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Capital Chatter: Cancer can't dull Richardson's optimism

Oregon state officials of all political stripes wish Dennis Richardson well.

Secretary of State Dennis Richardson on Wednesday revealed that he was diagnosed last month with a small, cancerous tumor in his brain and has started treatment. The announcement — which came in a newsletter from Richardson followed by a brief Facebook video — made national news.

Richardson often talks about being shaped by his experience as an Army combat helicopter pilot in Vietnam, and his diagnosis is no exception.

He wrote in his newsletter: "While this was a difficult diagnosis to hear, I'm blessed and optimistic. We caught it early. I have a treatment plan in place, and I have an exceptional support system here at work and at home. I am taking on this challenge the same way I've taken on every challenge since my days flying 'Night Hawk' as a combat helicopter pilot — I've considered my options, set my goal, developed my plan, and failure is not an option."

In the Facebook video, Richardson emphasized that he would continue fulfilling his office duties while undergoing treatment.

Richardson and his wife, Cathy, have nine children. In a later post, he said telling his children about his cancer was one of the most difficult moments of his life.

After his public announcements on Wednesday, Richardson headed to a grandson's graduation in Southern Oregon. Good for him!

• Best wishes: Democratic Gov. Kate Brown tangles with Republican Richardson but she joined others in sending their best wishes: "My thoughts are with Secretary Richardson, his family, and staff as they face this challenging time. I'm heartened by his reputation for perseverance and know he will tackle cancer with the same determination he brings to his work."

Bill Currier, chair of the Oregon Republican Party: "We offer our prayers for Secretary of State Dennis Richardson's healing and continued recovery, and for his family as they support him in the challenges to come. Dennis is one of the real class acts in politics in our state and a treasured public servant. …"

Oregon Senate Republican Leader Jackie Winters, Salem: "… From my years of working with the Secretary, I know that his fighting spirit and strong faith will serve him well through this battle."

• Buehler looks for leaders: Republican gubernatorial candidate Knute Buehler continues his frequent fundraising appeals. For $25, supporters could claim a spot on his leadership team. At one point, such donors also would get "an official Knute for Governor bumper sticker."

On Tuesday, the campaign dropped the price to $1 before raising it again.

• Spend Comcast settlement on PERS: Comcast and the Oregon Department of Revenue have been fighting since 2009 over the company's property taxes in 10 counties. Gov. Brown announced an estimated $155 million settlement and urged local governments to use the proceeds to reduce what they owe the Oregon Public Employees Retirement System.

The counties are Benton, Clackamas, Columbia, Lane, Linn, Marion, Multnomah, Polk, Washington and Yamhill.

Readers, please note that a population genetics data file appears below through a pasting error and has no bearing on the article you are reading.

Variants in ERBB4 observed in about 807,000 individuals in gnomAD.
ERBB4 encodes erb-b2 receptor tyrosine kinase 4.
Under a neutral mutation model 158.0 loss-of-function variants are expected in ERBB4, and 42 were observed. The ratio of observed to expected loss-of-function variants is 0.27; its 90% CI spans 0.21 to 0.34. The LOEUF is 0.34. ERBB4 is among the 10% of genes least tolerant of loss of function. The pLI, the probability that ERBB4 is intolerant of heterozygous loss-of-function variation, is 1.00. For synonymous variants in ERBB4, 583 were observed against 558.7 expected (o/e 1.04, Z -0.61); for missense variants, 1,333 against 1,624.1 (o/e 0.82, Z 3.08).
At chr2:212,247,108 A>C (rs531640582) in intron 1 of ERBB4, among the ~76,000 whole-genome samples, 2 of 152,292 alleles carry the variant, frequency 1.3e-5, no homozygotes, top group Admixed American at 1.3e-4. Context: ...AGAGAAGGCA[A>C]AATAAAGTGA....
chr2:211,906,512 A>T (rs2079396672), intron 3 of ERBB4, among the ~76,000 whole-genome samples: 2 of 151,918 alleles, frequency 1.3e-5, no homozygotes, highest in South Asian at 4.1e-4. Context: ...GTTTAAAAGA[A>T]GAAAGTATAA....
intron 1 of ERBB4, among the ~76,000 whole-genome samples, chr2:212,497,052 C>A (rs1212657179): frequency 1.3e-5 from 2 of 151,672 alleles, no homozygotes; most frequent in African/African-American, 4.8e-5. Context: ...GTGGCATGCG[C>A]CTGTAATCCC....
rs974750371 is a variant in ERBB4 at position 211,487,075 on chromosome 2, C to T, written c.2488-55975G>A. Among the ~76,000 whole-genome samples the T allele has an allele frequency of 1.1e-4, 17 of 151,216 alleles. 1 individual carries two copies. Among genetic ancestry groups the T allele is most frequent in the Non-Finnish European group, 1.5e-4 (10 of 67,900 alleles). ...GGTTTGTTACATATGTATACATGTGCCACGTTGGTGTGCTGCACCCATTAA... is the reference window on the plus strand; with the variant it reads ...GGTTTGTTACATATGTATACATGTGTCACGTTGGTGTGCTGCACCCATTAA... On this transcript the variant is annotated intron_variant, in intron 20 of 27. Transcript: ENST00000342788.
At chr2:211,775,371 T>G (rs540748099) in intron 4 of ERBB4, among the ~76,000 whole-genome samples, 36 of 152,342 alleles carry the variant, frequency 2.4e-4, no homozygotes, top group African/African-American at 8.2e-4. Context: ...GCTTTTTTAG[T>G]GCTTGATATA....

Brown's press release included rousing endorsements from mayors Ted Wheeler, Portland; Denny Doyle, Beaverton; and Lucy Vinis, Eugene.

Don't be surprised if Brown's re-election campaign touts her success in this area. The statement from Wheeler included: "My colleagues and I value Governor Brown's leadership on the litigation with Comcast. As former State Treasurer, I appreciate and recognize the economic and financial complexities of this settlement and the necessity to provide retirement security to Oregon's workers."

• Jury duty, Congress and wildfires: Oregon Sen. Ron Wyden showed up for jury duty last month at the Multnomah County Courthouse but was not selected.

Wyden and Sen. Jeff Merkley hold town halls in every Oregon county each year. Last week Wyden was in the Lake County town of Paisley, which he said has about 243 residents.

Such visits by Democrats Merkley and Wyden won't be happening late this summer. U.S. Senate Majority Leader Mitch McConnell, R-Kentucky, canceled most of the Senate's August recess. He blamed "historic obstruction" by Democrats on presidential appointees and legislation.

On the other hand, Wyden, Merkley, McConnell and Sen. Rand Paul, R-Kentucky, jointly hailed passage of their bipartisan resolution designating June 4-10 as Hemp History Week. The four are pushing to legalize hemp farming in the U.S., which is they said is the world's largest consumer of hemp products.

Through the centuries, hemp has been used to "produce many innovative industrial and consumer products, including soap, fabric, textiles, construction materials, clothing, paper, cosmetics, food and beverages." Now you know a little hemp history.

Separately, Wyden also has been questioning federal agencies about whether enough air tankers are available this year for the West's wildfire season.

• Yogi Berra all over again: During the one-day special legislative session last month, state Rep. E. Werner Reschke, R-Klamath Falls, initially misattributed Yogi Berra's comment, "It's déjà vu all over again."

Attribution aside, this week does seem like "déjà vu all over again." Oregon's capital has been back in a water-quality alert, the four Salem-area state prisons were adjusting their operations as a result; and elsewhere in the state, wildfire season was underway.

Dick Hughes, who writes the weekly Capital Chatter column, has been covering the Oregon political scene since 1976. Contact him at TheHughesisms@Gmail.com, Hughesisms.com/Facebook, YouTube.com/c/DickHughes or @DickHughes on Twitter.